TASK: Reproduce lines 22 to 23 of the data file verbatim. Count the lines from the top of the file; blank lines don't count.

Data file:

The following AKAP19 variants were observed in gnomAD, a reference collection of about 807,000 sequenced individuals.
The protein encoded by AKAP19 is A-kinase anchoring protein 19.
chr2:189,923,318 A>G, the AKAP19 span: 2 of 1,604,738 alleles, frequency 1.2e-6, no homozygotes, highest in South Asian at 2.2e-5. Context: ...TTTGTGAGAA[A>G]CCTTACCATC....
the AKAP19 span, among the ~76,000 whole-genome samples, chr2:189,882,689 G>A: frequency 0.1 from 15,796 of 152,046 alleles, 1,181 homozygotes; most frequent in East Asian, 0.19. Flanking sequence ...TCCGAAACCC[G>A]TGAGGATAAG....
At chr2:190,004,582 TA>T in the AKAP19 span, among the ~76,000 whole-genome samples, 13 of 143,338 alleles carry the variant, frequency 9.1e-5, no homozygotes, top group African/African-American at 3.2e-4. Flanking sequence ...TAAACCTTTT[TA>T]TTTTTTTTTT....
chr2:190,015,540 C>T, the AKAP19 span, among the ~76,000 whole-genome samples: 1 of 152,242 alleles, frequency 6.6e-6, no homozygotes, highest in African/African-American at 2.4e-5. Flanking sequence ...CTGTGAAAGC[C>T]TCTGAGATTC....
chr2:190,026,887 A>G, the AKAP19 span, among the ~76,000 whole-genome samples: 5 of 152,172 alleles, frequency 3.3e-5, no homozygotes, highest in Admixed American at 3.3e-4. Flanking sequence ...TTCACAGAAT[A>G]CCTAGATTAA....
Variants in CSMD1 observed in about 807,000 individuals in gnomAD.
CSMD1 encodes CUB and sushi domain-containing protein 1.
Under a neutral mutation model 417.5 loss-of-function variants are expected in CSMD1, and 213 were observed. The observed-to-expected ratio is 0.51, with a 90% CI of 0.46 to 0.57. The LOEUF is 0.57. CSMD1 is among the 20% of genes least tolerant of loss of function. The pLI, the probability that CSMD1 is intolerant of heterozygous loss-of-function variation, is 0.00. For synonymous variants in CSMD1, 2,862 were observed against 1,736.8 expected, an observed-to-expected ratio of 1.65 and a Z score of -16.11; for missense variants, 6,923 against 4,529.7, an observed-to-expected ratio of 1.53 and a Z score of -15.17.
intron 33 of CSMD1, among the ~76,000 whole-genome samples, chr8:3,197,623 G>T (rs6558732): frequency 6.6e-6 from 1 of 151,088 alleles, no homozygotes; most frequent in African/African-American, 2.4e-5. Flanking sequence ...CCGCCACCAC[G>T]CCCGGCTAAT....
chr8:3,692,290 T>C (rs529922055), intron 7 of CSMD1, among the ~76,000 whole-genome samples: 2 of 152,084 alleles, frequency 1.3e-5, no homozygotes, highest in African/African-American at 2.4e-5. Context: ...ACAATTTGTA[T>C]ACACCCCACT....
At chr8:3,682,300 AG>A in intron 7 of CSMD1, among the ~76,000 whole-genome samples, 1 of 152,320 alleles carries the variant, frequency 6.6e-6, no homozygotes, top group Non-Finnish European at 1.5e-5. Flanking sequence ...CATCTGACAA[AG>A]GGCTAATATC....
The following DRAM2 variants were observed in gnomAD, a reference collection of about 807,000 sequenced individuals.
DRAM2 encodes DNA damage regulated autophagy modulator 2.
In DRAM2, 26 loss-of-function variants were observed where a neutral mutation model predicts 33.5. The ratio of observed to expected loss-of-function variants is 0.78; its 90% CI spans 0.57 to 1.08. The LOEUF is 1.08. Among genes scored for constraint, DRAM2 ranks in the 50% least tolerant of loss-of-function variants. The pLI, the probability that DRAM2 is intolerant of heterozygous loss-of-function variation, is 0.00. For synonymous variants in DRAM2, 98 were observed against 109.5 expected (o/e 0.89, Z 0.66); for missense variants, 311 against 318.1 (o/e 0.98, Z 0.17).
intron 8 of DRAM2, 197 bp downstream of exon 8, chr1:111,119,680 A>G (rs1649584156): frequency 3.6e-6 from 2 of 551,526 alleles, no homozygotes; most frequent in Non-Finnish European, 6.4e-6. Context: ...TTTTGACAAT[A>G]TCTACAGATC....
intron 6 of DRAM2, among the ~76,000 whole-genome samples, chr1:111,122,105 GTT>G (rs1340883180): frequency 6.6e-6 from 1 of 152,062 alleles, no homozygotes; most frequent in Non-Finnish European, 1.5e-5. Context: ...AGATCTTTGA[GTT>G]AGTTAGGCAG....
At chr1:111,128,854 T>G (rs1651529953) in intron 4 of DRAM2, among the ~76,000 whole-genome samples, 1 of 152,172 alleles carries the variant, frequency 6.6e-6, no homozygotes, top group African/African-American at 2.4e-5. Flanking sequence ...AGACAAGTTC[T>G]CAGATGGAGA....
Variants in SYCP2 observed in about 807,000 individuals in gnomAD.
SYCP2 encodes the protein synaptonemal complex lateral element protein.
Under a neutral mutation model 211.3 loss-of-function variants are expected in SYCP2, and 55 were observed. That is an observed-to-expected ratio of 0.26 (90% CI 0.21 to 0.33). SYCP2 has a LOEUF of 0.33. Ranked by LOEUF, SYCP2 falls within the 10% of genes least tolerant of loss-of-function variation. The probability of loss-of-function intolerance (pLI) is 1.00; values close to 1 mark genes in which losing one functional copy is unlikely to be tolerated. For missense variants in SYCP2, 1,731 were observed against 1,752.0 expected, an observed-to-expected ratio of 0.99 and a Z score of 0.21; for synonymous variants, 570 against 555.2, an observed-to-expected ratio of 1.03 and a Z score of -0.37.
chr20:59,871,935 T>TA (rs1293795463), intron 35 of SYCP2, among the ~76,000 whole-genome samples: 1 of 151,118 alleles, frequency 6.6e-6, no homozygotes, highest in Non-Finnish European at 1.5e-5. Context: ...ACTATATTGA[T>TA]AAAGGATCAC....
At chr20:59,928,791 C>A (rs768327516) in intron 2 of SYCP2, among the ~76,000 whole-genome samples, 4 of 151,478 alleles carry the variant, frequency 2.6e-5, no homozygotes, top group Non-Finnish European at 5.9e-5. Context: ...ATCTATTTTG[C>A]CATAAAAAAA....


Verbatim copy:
Under a neutral mutation model 211.3 loss-of-function variants are expected in SYCP2, and 55 were observed. That is an observed-to-expected ratio of 0.26 (90% CI 0.21 to 0.33). SYCP2 has a LOEUF of 0.33. Ranked by LOEUF, SYCP2 falls within the 10% of genes least tolerant of loss-of-function variation. The probability of loss-of-function intolerance (pLI) is 1.00; values close to 1 mark genes in which losing one functional copy is unlikely to be tolerated. For missense variants in SYCP2, 1,731 were observed against 1,752.0 expected, an observed-to-expected ratio of 0.99 and a Z score of 0.21; for synonymous variants, 570 against 555.2, an observed-to-expected ratio of 1.03 and a Z score of -0.37.
chr20:59,871,935 T>TA (rs1293795463), intron 35 of SYCP2, among the ~76,000 whole-genome samples: 1 of 151,118 alleles, frequency 6.6e-6, no homozygotes, highest in Non-Finnish European at 1.5e-5. Context: ...ACTATATTGA[T>TA]AAAGGATCAC....